At least one benefit of the preservation process includes maintaining communication. In many bus architectures, data must be communicated through more than one transaction. If, for example, data must be communicated through two transactions, the analyzing process performed on the second transaction must be conducted in such a way that the system does not lose the state that was reached by the first transaction. For example, if the communication lines are not electrically terminated according to a specification, the host may interpret this lack of electrical termination according to a specification as the peripheral being disconnected, and in order for future communication to occur, the peripheral's enumeration processes must be performed again.

Certain transactions do not have error checking and do not require a negative-acknowledge or acknowledge signal to be transmitted. This includes isochronous transfers such as audio data transfers where the emphasis is on maintaining the data flow and not error checking. Such transactions are intended to be within the scope of the present invention. For illustration, acknowledge and negative-acknowledge signals have been included in the descriptions of certain embodiments of the invention.

The “nature” of a peripheral device includes its functionality (for example, keyboard, hub, or printer) and optionally its identity (vendor ID, product ID, MAC Address).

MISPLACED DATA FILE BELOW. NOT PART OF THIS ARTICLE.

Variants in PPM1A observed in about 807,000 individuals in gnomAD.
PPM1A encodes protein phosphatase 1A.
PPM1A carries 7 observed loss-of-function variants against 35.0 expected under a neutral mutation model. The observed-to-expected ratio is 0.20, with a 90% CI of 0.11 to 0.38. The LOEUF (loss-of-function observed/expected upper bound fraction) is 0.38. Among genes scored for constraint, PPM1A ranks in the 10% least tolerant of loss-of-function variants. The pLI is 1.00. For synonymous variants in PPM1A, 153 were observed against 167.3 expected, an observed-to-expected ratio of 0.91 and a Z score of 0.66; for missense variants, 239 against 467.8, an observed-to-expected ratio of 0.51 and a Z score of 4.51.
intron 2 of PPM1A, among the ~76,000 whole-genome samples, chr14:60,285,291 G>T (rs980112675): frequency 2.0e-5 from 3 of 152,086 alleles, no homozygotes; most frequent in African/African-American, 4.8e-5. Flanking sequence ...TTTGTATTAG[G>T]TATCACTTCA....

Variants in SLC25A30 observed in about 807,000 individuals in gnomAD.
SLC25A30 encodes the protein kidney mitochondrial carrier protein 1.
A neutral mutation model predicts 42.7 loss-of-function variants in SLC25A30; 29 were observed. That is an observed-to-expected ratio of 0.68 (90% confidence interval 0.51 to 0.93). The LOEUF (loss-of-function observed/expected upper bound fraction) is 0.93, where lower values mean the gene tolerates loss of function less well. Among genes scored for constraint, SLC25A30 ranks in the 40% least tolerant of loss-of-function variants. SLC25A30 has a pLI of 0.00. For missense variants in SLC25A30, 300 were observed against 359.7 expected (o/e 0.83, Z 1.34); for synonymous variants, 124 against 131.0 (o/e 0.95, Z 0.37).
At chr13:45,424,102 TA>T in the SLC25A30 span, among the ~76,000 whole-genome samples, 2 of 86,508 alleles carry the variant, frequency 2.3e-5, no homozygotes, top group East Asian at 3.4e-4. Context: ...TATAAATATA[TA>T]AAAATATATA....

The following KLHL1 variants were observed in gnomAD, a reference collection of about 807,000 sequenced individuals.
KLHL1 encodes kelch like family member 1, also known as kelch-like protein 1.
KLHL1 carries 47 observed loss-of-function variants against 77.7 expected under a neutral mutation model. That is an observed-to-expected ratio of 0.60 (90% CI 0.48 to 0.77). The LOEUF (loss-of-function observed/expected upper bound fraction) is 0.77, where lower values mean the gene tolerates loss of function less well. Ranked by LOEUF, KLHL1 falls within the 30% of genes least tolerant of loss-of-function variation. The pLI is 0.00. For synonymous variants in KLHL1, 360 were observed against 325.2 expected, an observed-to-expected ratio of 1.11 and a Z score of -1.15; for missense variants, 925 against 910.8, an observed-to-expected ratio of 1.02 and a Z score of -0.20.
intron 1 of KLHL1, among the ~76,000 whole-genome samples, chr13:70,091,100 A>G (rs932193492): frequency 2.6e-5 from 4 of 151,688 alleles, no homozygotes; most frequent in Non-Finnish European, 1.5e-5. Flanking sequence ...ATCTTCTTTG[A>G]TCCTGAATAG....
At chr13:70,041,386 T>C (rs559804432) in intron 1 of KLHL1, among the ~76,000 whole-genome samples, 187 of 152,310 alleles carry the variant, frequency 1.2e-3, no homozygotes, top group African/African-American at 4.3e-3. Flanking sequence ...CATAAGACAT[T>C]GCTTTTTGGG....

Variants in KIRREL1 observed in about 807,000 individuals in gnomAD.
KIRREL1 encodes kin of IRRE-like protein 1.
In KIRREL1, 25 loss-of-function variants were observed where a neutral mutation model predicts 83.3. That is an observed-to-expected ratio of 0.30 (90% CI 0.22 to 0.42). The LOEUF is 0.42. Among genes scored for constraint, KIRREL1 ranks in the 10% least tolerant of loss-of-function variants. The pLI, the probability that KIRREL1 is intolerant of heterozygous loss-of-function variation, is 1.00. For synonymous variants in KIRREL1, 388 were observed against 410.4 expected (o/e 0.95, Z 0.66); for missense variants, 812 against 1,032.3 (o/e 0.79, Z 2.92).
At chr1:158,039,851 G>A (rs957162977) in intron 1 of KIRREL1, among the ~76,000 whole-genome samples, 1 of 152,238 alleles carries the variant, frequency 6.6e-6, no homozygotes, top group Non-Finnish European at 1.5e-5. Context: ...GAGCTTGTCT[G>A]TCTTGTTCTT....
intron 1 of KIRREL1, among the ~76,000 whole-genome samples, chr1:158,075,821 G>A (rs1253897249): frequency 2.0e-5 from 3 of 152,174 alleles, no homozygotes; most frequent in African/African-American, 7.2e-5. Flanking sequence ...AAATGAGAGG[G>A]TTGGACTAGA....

The “configuration” of a host includes at least one of its hardware configuration, its software configuration (including its operating system), its computer network configuration (for example, computer network size/type, computer network connectivity) and its identity (vendor ID, product ID, MAC Address).

A “characteristic” of data includes at least one of its type (for example, metadata, executable, or text file), size, protocol used for sending of the data, value of the data, and any other property that may be derived from the data.

The “state” of a host, or peripheral, or a communication interface is a set of logical values characterizing the status of a state machine corresponding thereto.

A “rule” may depend on the nature or state of a node on the network, a characteristic of data on the network, or the configuration of the network.

“Coupled” includes indirect coupling through an intermediary device.

“Transparently” means carrying on communication in such a manner that the recipient of the communication fails to detect an additional node in the course of communication. Thus when a device communicates with a peripheral or with a host computing device and does not appear to the peripheral or the host computing device, as the case may be, as an additional node, the communication is performed “transparently”. It is possible for a device to engage in communication with a peripheral or a host on one occasion, for example, when first connected to the host, in a manner as to appear to the host as a node, even though the same device might later engage in communication with the host and with a peripheral and fail to appear to the host and to the peripheral as a node. In the latter case, the communication is still deemed to be performed “transparently”.